On Tuesday, amid the hoopla of the presidential election, a ballot initiative to instate the first state-wide carbon tax in the country quietly failed. Initiative 732, better known as I-732, would have taxed carbon-emitting energy, like gasoline and electricity produced by coal-burning power plants, in Washington state. The idea is that increasing the price of fuel sources that drive climate change would discourage their use, and encourage investment in green energy.
Any money raised by the carbon tax would then be returned to Washingtonians mainly through a 1 percent reduction in the state sales tax. This way, I-732 would not have increased taxes—and so was able to garner support from both political liberals and conservatives. Some experts believe that such bipartisan approaches will be necessary to transform the U.S. fossil fuel-based economy in time to avoid the most serious impacts of climate change. In a 2015 survey, more than 80 percent of economists supported such a measure.
“Economists from right, left and the center view carbon taxes as the most effective policy for reducing carbon emissions, so therefore, I think anyone worried about climate change should gravitate towards this," Gregory Mankiw, a conservative economist at Harvard University and former head of George W. Bush’s Council of Economic Advisers, told NPR last month.
Yet I-732 was roundly defeated on Tuesday, receiving only 41 percent of voters’ support. And this was in Washington, a state known for its green politics and pro-environment stance. It would be easy to conclude that, if it can’t pass in Washington, American voters aren’t ready to pay to reduce carbon emissions. But that shouldn't be the takeaway, says Gareth Green, an economist at Seattle University who supported I-732.
That’s because I-732 was a strange beast, whose failure may be attributed to local politics rather than policy problems. For one, it had an unlikely foe: local environmental groups, which had formed an alliance to instate a different state-wide carbon tax. When newcomer Carbon Washington managed to collect 360,000 signatures of support at the end of last year—enough signatures to put I-732 on the ballot—environmental groups had to choose between their plan and their allies, and this new tax which was not their own.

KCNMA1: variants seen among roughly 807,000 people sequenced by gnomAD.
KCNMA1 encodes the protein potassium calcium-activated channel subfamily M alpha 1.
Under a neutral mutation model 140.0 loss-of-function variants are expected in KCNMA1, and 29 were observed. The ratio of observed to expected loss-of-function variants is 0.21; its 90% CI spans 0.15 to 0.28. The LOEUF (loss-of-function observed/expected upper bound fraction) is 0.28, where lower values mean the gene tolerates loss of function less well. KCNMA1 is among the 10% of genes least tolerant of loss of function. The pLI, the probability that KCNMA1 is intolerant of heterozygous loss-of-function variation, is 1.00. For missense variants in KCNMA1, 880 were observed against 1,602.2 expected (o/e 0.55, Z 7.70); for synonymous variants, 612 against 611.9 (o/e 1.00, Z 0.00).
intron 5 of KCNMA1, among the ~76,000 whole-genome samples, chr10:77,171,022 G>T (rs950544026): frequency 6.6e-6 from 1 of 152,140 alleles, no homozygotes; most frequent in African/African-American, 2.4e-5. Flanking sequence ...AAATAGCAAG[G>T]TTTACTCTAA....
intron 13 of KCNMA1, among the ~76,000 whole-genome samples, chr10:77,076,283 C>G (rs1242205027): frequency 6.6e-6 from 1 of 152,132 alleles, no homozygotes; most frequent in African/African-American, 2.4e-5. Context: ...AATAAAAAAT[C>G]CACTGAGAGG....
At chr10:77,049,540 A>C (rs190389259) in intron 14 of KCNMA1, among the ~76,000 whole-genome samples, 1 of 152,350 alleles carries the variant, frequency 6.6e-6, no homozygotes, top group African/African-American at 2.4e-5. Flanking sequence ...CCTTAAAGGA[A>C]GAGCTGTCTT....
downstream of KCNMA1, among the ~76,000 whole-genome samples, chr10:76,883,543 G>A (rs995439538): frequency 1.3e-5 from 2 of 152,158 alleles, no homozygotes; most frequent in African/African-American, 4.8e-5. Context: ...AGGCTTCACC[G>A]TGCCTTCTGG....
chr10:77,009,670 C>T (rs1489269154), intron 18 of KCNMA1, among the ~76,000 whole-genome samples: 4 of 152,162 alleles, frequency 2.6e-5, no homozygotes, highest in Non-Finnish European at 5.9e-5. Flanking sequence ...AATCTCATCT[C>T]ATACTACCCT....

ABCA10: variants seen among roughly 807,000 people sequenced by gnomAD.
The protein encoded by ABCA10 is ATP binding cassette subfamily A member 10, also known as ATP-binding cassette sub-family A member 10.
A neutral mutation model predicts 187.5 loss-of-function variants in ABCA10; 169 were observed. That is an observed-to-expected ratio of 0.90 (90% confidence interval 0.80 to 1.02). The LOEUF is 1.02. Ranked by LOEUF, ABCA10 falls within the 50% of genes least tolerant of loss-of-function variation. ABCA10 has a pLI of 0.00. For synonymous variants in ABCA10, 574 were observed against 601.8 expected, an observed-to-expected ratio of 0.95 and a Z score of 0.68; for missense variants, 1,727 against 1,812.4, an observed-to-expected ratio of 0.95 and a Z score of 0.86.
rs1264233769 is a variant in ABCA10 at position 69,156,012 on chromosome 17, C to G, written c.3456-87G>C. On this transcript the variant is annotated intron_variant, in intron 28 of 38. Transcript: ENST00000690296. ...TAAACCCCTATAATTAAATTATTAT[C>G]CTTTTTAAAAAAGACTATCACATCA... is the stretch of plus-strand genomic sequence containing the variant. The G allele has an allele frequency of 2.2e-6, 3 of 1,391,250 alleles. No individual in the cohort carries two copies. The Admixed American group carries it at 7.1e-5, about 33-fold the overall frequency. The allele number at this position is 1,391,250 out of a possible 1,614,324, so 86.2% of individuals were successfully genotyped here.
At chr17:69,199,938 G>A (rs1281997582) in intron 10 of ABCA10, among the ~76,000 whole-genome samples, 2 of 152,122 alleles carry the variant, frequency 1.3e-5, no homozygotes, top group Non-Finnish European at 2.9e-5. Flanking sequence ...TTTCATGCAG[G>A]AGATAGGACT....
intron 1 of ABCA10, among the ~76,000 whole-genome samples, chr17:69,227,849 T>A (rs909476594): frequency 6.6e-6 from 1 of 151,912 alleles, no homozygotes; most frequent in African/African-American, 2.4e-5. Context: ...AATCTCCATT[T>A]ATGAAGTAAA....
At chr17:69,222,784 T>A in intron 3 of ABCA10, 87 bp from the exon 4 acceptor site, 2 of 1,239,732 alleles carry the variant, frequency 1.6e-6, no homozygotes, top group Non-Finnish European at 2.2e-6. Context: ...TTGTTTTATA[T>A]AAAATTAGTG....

Needless to say, they chose their own plan. One by one, local environmental groups (including local chapters of the Sierra Club, the Union of Concerned Scientists, 350.org, and the League of Conservation Voters) refused to endorse I-732, citing concerns about its impact on low-income communities and the state budget. Audubon Washington was an outlier among environmental groups and, after consulting with its members, endorsed the measure.
“Over and over, we heard: ‘We must do something now about climate change,’ ” said Gail Gatton, executive director of Audubon Washington, in an interview last month. “This urgency led me to embrace the opportunity offered by I-732: vote to put a price on carbon pollution and take action now that will benefit birds and people.”
The environment-minded critics preferred that revenues collected by the tax fund green energy and green jobs, and build infrastructure to spur adaptation to climate change. This is especially important for low-income communities, they argued, as poorer people spend a larger percentage of their income on gas and electricity and therefore would take a bigger financial hit from a carbon tax. Ensuring new jobs and better public transit would ease that burden.